Another thing that makes me strike kak- from the PIE list is, that there's already another prefix with similar connotations: kopro-/copro-. It occurs not only in Greek kopros 'dung' but occurs in Sanskrit cakrt 'manure' as well. I haven't seen it before "name", but linked to for example "talk": http://www.webspawner.com/users/coprolalia/

Both word groups seem to be clearly distinct from
1) PIE *kap-ro-, giving tons of words connected to goats (Latin capra), possibly from a root meaning 'take'
2) words derived from OE scîtan 'defecate' and cognates; PIE *skei- with a sense of separating, getting rid of.
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Postby Apoclima » Tue Mar 08, 2005 9:41 am

Please, anders! Acurate or not!

"Er ist gekakt!"

Please don't pick him up!

I know he is cute, but he needs something!

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Postby anders » Tue Mar 08, 2005 2:25 pm

Got no kids of my own, but I have changed the diapers of a number of offspring of relatives and friends, so it's no problem for me.
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Kaka PIE?

Postby Dr. Goodword » Tue Mar 08, 2005 11:52 pm

I don't see how the fact that PIE *kakka- might be created by reduplication would prevent it from being a PIE root. Pokorny calls it a "Lallwort der Kindersprache", but a PIE form. There is no reason to believe that there were no reduplicated roots in PIE, given their prevalence in other languages.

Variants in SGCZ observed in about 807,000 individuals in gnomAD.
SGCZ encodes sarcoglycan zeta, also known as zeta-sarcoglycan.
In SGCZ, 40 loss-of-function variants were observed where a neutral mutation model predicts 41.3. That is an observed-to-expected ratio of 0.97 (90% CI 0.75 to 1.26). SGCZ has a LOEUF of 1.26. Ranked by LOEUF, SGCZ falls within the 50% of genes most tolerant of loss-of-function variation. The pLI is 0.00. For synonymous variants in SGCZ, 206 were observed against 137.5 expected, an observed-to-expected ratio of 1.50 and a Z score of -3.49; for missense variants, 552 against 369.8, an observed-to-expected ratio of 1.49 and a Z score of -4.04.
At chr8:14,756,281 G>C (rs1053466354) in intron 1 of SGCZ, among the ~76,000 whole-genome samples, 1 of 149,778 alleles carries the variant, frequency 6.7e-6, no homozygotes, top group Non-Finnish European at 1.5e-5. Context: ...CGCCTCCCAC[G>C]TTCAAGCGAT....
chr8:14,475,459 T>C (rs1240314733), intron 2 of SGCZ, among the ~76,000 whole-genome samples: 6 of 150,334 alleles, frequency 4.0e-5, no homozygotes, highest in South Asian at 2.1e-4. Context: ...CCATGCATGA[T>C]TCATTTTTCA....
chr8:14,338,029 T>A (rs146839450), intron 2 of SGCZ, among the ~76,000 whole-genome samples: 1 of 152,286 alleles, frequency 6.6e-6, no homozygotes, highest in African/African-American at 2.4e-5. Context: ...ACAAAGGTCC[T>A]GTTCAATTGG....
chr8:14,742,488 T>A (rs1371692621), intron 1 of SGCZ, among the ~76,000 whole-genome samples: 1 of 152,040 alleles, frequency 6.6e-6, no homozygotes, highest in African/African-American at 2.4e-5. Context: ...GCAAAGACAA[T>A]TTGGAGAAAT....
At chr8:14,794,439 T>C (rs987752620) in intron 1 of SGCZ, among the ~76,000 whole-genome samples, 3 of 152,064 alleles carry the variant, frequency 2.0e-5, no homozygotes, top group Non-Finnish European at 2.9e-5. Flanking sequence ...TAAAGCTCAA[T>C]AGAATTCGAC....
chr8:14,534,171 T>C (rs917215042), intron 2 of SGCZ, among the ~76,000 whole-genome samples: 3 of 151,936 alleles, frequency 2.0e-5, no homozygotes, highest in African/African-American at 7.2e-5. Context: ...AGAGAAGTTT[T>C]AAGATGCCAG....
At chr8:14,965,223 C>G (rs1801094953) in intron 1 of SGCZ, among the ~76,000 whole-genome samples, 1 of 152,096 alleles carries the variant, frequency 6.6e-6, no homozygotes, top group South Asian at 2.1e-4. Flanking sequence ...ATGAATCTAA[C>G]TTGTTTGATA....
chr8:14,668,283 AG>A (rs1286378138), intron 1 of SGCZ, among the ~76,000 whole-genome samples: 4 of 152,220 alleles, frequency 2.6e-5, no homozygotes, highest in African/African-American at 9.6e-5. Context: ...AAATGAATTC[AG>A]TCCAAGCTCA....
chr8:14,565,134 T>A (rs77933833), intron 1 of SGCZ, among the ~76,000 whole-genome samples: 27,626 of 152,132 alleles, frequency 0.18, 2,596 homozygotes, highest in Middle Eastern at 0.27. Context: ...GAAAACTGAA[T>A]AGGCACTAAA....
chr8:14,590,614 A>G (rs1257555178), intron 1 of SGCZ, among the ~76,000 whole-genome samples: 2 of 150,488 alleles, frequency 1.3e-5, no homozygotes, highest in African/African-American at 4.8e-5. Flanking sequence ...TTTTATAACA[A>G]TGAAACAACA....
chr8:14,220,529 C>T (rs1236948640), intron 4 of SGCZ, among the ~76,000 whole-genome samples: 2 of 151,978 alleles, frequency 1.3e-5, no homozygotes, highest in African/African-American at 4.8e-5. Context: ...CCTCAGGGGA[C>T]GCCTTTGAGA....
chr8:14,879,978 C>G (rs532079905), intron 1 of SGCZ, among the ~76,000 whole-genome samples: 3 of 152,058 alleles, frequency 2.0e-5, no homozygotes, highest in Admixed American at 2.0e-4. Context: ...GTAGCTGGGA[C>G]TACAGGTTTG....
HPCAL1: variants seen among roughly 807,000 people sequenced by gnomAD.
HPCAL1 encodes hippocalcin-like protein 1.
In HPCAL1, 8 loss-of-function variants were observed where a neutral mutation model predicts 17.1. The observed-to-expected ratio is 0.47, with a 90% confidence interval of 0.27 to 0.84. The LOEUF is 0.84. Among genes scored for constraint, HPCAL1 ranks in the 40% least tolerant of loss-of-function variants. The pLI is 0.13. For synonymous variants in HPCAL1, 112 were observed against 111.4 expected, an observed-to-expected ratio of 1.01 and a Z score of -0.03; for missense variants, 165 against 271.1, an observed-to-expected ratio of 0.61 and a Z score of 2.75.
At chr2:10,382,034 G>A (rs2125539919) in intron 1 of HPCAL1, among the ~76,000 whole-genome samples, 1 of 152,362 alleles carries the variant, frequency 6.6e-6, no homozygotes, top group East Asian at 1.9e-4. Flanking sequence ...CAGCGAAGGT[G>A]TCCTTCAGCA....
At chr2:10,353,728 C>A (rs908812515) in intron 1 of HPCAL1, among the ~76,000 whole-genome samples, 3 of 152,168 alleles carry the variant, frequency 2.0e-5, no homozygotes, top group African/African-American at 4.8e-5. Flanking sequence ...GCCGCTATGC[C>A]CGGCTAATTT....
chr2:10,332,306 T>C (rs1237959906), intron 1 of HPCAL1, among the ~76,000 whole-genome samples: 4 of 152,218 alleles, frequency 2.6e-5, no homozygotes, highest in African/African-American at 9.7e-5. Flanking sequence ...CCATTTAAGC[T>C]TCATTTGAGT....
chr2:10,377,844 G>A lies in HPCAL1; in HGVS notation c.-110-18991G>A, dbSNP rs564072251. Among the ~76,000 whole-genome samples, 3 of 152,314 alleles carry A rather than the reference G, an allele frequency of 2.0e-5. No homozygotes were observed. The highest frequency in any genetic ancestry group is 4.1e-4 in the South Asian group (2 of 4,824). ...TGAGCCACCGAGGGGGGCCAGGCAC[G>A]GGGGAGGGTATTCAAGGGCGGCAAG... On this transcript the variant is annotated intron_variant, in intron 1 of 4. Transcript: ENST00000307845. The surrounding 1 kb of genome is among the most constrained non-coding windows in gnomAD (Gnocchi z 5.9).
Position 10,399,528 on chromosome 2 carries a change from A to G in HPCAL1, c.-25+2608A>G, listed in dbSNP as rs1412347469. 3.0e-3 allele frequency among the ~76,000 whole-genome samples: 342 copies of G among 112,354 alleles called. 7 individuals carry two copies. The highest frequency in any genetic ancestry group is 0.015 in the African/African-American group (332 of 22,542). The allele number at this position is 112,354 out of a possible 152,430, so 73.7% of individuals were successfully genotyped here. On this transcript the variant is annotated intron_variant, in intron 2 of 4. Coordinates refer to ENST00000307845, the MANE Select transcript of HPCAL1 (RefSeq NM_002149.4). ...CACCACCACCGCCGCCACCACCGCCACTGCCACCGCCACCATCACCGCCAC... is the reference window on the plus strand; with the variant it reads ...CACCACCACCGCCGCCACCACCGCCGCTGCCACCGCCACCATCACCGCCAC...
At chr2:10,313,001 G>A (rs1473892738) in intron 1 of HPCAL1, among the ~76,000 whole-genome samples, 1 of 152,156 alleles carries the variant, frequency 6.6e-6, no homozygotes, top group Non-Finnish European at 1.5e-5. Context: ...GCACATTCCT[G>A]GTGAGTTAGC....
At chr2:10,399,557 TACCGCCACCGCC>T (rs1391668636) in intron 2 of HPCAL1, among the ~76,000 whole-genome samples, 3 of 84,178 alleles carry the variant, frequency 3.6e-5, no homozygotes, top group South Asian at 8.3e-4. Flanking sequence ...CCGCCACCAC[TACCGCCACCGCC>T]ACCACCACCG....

Nor should we be surprised to discover that PIE had more than one word for this unpleasant subject--most languages do. In fact, kopros probably comes from what may be a variant of *kakka, *keku-(r)-. Indeed, *kakka might be a child's attempt at pronouncing this word. Children's words do enter languages: mama and papa are English words now.
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Postby anders » Wed Mar 09, 2005 12:26 am

Agree in principle, but I'm still sceptic.
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Postby Apoclima » Wed Mar 09, 2005 10:32 pm

Way too funny, anders!

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Postby Stargzer » Thu Mar 10, 2005 12:45 pm

Latin has the verb caco:

căco , āvi, ātum, āre, v. n. and

I. a.,--kakaô, to go to stool, to be at stool.
I. Neutr., Pompon. ap. Non. p. 84, 2: toto decies in [p. 258] anno, Cat. 23, 20; *Hor. S. 1, 8, 38; Mart. 12, 61, 10.--